Considered by many as the ultimate status symbol and by others as a great example of the astounding ingenuity of German engineering, it seems BMW has let consumers down on multiple fronts. BMW is now recalling more than a million luxury cars over fears of fire amid dire warnings to park outside until repairs have been made.

The current recall effort affects all 3 series and all 6 cylinder model cars and SUVs built from 2006 to 2011 due to the risk of fires under the hood. Repairs are expected to begin on December 18 as parts are made available for distribution for the two separate recalls.


The first recall for BMW 3 Series models from 2006 to 2011 has an issue related to potentially faulty wiring of the climate control blower fan which according to the company could cause a fire “in extremely rare cases” according to statements from the company.

The BMW in Brookhaven, Georgia was quickly engulfed in flames as police looked on

The second recall effort is to address a problem with a heater valve in certain 2007-2011 BMW models equipped with a 6-cylinder engine. According to a statement from the company, “Irregularities in the manufacturing process could lead to corrosion and in extremely rare cases may lead to a thermal event.” The US National Highway Traffic Safety Administration show that a heater for the positive crankcase ventilation valve can overheat and cause the valve to melt.  This can increase the risk of a fire even when the vehicle is NOT in use.  Dealers are being sent parts to completely replace the heater in affected models.

According to BMW spokesman Hector Arellano-Belloc –


“The heater is designed to prevent the valve from freezing in cold temperatures  but irregularities in manufacturing can cause corrosion can lead to overheating. “


  • Model Years 2006-2011 – 323i, 325i, 325xi, 328i, 328xi, 330i, 330xi, 335i, 335xi and M3
  • Model Years 2007-2011 – 328i, 328xi, 328i xDrive, 525i, 525xi, 528i, 528xi, 530i, 530xi, X3 3.0si, X3 xDrive30i, X5 xDrive30i, Z4 3.0i, Z4 3.0si, Z4 sDrive30i, 335i xDrive and 335is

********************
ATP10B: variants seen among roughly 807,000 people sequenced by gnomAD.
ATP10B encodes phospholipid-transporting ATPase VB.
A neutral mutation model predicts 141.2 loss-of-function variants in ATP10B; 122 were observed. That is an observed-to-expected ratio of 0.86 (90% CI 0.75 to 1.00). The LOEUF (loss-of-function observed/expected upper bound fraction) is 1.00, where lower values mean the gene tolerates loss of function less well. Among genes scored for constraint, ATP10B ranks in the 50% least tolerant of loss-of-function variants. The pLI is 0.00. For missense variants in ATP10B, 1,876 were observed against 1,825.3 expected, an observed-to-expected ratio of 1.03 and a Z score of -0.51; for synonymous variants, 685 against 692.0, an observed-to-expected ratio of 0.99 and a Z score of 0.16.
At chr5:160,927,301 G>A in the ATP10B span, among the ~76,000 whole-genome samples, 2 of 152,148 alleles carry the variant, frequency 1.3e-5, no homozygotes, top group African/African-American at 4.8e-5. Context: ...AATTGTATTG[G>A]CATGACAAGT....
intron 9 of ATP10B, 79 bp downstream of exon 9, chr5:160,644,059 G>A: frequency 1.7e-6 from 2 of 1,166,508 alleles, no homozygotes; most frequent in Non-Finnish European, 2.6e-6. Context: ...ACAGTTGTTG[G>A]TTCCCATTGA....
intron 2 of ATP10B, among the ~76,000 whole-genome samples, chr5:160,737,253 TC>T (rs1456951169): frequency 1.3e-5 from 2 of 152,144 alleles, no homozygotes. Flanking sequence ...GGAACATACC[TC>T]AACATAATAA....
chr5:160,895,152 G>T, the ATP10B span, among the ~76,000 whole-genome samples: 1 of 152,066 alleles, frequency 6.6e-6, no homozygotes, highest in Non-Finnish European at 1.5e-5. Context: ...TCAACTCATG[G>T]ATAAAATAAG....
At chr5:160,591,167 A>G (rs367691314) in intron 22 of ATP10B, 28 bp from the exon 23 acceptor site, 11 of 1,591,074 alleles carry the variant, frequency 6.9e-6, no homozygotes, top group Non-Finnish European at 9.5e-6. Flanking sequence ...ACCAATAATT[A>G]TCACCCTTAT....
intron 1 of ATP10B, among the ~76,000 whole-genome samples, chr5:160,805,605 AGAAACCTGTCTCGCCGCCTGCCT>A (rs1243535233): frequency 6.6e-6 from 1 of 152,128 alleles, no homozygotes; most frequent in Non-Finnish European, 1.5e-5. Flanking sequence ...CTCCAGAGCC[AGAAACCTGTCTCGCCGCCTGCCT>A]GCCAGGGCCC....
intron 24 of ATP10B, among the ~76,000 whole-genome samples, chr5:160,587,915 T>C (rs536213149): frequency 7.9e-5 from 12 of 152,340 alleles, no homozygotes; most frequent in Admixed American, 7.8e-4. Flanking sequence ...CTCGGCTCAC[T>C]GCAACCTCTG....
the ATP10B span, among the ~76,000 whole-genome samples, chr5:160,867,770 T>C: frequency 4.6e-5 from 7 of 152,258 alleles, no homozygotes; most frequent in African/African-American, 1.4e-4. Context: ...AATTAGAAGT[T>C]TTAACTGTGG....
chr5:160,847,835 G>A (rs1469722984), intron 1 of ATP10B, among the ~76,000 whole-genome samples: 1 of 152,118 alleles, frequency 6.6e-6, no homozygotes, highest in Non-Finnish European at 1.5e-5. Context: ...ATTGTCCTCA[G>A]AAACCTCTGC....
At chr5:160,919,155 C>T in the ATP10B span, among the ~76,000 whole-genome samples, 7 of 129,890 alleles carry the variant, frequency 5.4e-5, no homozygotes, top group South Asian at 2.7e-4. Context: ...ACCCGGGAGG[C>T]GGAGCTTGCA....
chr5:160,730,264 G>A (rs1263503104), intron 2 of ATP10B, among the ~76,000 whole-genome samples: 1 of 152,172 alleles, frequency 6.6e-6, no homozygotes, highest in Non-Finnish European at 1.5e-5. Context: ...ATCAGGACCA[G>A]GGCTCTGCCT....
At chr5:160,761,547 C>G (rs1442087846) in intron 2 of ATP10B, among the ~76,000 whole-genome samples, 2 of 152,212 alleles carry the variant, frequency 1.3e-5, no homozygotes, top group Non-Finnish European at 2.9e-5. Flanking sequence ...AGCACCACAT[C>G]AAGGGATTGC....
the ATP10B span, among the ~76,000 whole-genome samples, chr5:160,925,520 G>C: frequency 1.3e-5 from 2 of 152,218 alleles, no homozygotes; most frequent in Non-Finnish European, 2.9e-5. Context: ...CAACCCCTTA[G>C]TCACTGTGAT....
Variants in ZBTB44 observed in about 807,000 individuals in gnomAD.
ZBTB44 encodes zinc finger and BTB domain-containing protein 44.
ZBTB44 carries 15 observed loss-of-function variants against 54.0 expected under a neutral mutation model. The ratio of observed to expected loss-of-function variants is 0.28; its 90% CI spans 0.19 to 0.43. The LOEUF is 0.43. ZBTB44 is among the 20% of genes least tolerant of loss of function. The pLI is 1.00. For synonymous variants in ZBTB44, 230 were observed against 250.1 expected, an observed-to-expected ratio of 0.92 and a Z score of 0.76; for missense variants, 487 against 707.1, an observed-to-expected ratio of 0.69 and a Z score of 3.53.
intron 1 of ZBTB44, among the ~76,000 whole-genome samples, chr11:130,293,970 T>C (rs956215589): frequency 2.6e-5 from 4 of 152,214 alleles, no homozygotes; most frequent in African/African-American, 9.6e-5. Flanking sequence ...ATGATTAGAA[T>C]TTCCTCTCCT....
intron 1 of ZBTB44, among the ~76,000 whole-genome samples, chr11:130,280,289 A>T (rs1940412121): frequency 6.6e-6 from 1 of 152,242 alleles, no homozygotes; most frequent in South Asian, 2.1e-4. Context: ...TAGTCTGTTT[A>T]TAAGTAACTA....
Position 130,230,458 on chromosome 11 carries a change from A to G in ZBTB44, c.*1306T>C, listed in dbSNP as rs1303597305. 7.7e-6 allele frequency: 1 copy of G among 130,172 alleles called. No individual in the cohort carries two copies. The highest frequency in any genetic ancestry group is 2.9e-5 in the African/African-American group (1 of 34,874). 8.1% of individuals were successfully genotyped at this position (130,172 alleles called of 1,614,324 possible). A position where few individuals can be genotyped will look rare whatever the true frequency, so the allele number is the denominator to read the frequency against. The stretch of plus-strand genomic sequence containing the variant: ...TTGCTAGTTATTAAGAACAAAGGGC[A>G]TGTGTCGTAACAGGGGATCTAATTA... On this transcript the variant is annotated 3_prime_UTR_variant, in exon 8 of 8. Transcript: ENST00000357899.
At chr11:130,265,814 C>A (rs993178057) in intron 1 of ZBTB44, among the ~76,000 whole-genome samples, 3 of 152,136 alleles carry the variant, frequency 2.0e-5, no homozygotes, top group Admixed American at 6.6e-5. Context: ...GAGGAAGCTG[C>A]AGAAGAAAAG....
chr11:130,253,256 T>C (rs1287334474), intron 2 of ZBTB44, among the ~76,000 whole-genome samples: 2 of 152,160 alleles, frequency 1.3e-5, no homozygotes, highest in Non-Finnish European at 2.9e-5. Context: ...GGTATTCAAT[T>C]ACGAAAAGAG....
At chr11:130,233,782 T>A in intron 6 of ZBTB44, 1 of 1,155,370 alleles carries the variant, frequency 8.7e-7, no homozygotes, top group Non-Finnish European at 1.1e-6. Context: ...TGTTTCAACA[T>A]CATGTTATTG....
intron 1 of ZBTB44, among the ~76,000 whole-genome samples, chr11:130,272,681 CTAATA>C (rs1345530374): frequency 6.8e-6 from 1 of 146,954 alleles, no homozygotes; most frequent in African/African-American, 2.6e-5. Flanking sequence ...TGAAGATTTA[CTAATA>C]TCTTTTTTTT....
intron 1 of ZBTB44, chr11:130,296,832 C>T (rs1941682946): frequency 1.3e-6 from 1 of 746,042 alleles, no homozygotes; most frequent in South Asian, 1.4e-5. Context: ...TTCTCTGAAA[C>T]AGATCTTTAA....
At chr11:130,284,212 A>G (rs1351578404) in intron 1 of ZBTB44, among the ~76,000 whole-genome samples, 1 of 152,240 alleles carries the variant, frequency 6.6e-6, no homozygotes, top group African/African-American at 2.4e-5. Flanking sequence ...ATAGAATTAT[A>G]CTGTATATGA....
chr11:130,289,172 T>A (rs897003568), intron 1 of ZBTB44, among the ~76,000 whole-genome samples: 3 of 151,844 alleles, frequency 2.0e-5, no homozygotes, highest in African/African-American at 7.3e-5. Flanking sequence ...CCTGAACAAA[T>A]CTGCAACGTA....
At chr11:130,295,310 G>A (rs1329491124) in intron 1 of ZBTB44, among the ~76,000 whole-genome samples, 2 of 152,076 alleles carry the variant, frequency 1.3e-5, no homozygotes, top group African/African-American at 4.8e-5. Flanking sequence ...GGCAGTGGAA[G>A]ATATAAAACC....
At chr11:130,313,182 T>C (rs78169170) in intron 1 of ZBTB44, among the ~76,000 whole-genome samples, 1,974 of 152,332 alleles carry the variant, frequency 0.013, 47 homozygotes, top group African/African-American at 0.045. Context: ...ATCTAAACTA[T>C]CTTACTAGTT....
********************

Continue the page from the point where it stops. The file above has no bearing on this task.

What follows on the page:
• Model Years 2008-2011 – 128i
  • Model Years 2009-2011 – 335d

More than 40 parked BMWs that are not under an open recall have caught fire in the US over the past five years, according to a new report out Thursday 

The vehicles affected were produced in a variety of locations including Germany, South Africa, and here in the United States in Spartanburg, South Carolina, along with others. This recall comes just six months after an investigative report released by ABC News back in May of 2017 which found more than 40 cases of BMWs catching fire while not in use and parked over the past five years. The seemingly inexplicable fires ranged a variety of years and models some of which with price tags of more than $100,000.


Originally, BMW denied “any pattern related to quality or component failure” and continues to maintain that of the 4.9 million vehicles on the road in the US, the fire incidents are very rare. The consequences of the sudden and dramatic fires have left dozens of drivers deprived of their means of transportation and even left one man homeless as the car caught fire in his garage, burning his home down.

A parked 2012 BMW X6 is seen engulfed in flames in Delray Beach, Florida in July 2015

In December 2015, Bill Macko and his wife were inside their home located in Olney, Maryland after parking their 2008 BMW X5 in the garage after a short drive.  The vehicle originally retailed for $46,200 when purchased new. Macko was a lifetime BMW enthusiast and this was his 7th such BMW to own. Macko tells of walking into the garage after smelling something strange and hearing a “snap, crackle, pop” as he entered.

The car burst into flames, and Macko and his wife ran out of the house.  The Mackos were forced to watch firefighters battle as flames engulfed and gutted their home.  Some sixteen months later, the Mackos are still staying with family with no idea when they will be able to return and rebuild their home.

John Minkhe of Sweden said his BMW X5 burst into flames a few minutes after his wife and children switched off the engine and got out of the car

Yet another incident in Westchester County, New York, the owner of a 2003 BMY told fire crews the car had been sitting parked for some three or four days prior to bursting into flames.  Mamaroneck Fire Chief Tracey Schmaling found that more than “a little peculiar.”

This massive recall marks more trouble for the German auto giant coming just after its Munich, Germany headquarters was raided by EU antitrust regulators just last month as part of an investigation into alleged collusion between German carmakers.

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